When typing too quickly, it’s easy to mistype massage or message and the results can be funny — if not a bit embarrassing.
The other day I was engaged in a text chat with a friend of mine about some subject I don’t even remember.
She asked me a question I didn’t have a clear answer for at that specific moment, and I told her so. She then texted:
Well, massage me when you find out.
I chuckled. But before I could offer some smart-aleck response, she texted again:
Yes, that little asterisk that seems to make all right with the world again after a typo took the fun right out of the moment.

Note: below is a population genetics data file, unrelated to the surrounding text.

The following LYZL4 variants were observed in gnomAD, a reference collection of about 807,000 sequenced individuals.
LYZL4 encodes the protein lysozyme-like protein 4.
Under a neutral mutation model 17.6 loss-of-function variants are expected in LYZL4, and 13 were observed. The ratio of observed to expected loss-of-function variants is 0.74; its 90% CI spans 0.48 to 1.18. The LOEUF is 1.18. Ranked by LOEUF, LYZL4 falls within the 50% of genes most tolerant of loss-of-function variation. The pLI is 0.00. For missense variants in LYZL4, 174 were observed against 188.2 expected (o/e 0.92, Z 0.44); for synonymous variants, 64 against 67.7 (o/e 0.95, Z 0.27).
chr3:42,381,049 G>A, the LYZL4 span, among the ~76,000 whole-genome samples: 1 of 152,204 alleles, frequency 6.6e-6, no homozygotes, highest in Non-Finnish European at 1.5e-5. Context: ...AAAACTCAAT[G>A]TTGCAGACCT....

Massage or Message
It’s relatively easy to remember a time when one imagines that massage could be a noun or verb while message could only have been a noun.
But this would be what might be called a “false memory.” When you look up message in the Online Etymology Dictionary, you’ll find that the familiar noun version of the word dates back to around 1300 and refers to a communication. But message as a verb was not a 20th century invention coined to refer to the act of sending a message by a smartphone: the verb form of the word, believe it or not, dates back to 1580.
Massage, on the other hand, is a much “younger” word. Both the verb and noun forms of the word appeared on the English scene around 1874. The noun form refers, of course, to the act kneading or rubbing something or someone, while the verb form means to knead or rub.
I don’t know about you, but on a stressful day, I’d take a good massage over a message in a heartbeat.